Muriel Rebecca Hazard was born in Worcester on 28 March 1919 to Ruth Ellen Dominis and Charles Sumner Hazard. She taught me how to crochet, how to cross-stitch and embroider, and how to make cookies. Knowing how to cross-stitch kept me sane through many trying years. From those tiny stitches grew my love for beading, quilting and nearly every piece of art I've ever created. She outlived both her husband and her only child - passing on 7 February 1995. I still have her cookbook with her hand-written recipes inside the covers. I still remember all those embroidered pillowcases and handkerchiefs.
Muriel Hazard Shepard
So Happy Father's Day to all the dads out there and to all the moms who do double duty as dads. If you still have your dad with you, give him a kiss for me.


02 June 2014

Suicide by Drowning in the Charles River

While collecting vital records on my Storms ancestors, I came across

The above is from the Massachusetts death records. The date of death was February 18, 1884. The town of Boston records included his burial site which was Mt. Hope Cemetery in Boston. There was no indication of who his parents were or where he was born in either record. I also couldn't find any newspaper articles referencing the drowning. The records state that he was married but no mention of his wife's name.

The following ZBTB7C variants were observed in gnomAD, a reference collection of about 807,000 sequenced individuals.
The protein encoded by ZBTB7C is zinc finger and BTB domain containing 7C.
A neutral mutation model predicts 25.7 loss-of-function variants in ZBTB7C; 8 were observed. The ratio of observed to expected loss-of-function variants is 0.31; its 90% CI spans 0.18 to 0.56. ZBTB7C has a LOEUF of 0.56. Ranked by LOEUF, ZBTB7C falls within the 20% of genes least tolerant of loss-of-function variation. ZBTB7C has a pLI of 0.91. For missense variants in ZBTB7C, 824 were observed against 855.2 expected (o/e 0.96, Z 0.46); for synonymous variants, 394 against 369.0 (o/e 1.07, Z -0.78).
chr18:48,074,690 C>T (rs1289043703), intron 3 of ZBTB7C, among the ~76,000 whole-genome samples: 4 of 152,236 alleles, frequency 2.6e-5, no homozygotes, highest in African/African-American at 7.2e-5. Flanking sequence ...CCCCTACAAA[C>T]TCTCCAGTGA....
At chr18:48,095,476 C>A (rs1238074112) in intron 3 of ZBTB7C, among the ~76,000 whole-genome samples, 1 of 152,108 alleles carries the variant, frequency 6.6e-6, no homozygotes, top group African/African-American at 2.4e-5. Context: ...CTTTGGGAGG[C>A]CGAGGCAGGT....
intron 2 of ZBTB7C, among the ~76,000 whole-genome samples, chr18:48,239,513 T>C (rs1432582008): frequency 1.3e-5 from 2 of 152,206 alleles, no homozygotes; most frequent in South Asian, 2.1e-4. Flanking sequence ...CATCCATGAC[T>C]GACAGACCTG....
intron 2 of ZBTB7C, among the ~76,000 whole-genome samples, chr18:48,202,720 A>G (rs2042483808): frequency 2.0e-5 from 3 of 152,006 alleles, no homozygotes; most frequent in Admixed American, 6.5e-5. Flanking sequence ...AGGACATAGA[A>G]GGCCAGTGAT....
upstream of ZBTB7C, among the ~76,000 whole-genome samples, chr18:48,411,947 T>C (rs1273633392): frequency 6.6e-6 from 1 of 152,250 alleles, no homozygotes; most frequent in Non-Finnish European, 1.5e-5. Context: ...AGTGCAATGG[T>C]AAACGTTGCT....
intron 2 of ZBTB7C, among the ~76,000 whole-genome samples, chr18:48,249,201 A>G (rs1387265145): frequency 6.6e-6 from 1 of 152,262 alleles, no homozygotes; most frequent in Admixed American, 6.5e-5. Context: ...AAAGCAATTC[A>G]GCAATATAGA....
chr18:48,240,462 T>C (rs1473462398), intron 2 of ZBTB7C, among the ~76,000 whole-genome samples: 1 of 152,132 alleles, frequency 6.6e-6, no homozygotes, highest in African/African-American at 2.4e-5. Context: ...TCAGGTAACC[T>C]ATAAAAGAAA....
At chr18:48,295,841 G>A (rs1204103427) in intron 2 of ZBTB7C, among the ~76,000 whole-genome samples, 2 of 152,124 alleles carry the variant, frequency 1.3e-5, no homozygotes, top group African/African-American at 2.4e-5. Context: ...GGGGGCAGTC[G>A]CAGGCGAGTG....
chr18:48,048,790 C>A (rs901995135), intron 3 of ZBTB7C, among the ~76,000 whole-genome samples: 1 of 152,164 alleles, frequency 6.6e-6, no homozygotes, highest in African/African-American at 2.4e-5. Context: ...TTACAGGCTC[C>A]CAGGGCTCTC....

According to my family genealogy database, Charles is one of my Storms relations. But is this Charles Storms the son of Philip Storms and Rebecca Williston of Vergennes, VT?

Charles H. Storms enlisted in Company K, 55 Reg't Mass. Inf. (Col'd) on 10 December 1863. He was 29 years old and born in Vergennes, VT according to his military records. This would put his date of birth around 1834. By December 31st, he was assigned to Colonel Hartwell as the colonel's private cook. At the time of his enlistment, he had already married Jane Jackson, also of Vermont. "Mrs. Charles H. Storms No 2 Sands' Yard in rear of 880 Washington St Boston Mass." is listed on Charles' military service record as Jane's then current address. I've not located a marriage record for Charles and Jane - not in Vermont or Massachusetts. The 55th regiment mustered out in August of 1865 and Charles along with it.